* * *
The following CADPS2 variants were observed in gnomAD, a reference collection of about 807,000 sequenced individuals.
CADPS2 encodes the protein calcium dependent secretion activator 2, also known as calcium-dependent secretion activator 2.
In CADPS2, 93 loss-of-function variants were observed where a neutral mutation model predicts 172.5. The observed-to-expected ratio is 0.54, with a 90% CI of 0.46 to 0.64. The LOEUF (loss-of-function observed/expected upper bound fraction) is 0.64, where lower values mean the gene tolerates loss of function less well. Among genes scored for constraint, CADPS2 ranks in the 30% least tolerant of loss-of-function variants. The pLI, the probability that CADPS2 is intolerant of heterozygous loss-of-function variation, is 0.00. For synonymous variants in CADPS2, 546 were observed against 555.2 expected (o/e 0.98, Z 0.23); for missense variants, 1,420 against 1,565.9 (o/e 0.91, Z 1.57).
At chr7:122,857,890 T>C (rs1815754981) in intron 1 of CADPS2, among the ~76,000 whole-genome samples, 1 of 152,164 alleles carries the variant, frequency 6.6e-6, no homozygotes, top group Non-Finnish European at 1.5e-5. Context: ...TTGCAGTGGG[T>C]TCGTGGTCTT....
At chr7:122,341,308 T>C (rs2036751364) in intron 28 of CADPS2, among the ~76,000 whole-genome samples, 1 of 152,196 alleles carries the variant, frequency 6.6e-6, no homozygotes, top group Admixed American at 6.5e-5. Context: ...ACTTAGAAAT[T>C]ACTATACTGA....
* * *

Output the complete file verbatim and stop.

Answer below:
The following CADPS2 variants were observed in gnomAD, a reference collection of about 807,000 sequenced individuals.
CADPS2 encodes the protein calcium dependent secretion activator 2, also known as calcium-dependent secretion activator 2.
In CADPS2, 93 loss-of-function variants were observed where a neutral mutation model predicts 172.5. The observed-to-expected ratio is 0.54, with a 90% CI of 0.46 to 0.64. The LOEUF (loss-of-function observed/expected upper bound fraction) is 0.64, where lower values mean the gene tolerates loss of function less well. Among genes scored for constraint, CADPS2 ranks in the 30% least tolerant of loss-of-function variants. The pLI, the probability that CADPS2 is intolerant of heterozygous loss-of-function variation, is 0.00. For synonymous variants in CADPS2, 546 were observed against 555.2 expected (o/e 0.98, Z 0.23); for missense variants, 1,420 against 1,565.9 (o/e 0.91, Z 1.57).
At chr7:122,857,890 T>C (rs1815754981) in intron 1 of CADPS2, among the ~76,000 whole-genome samples, 1 of 152,164 alleles carries the variant, frequency 6.6e-6, no homozygotes, top group Non-Finnish European at 1.5e-5. Context: ...TTGCAGTGGG[T>C]TCGTGGTCTT....
At chr7:122,341,308 T>C (rs2036751364) in intron 28 of CADPS2, among the ~76,000 whole-genome samples, 1 of 152,196 alleles carries the variant, frequency 6.6e-6, no homozygotes, top group Admixed American at 6.5e-5. Context: ...ACTTAGAAAT[T>C]ACTATACTGA....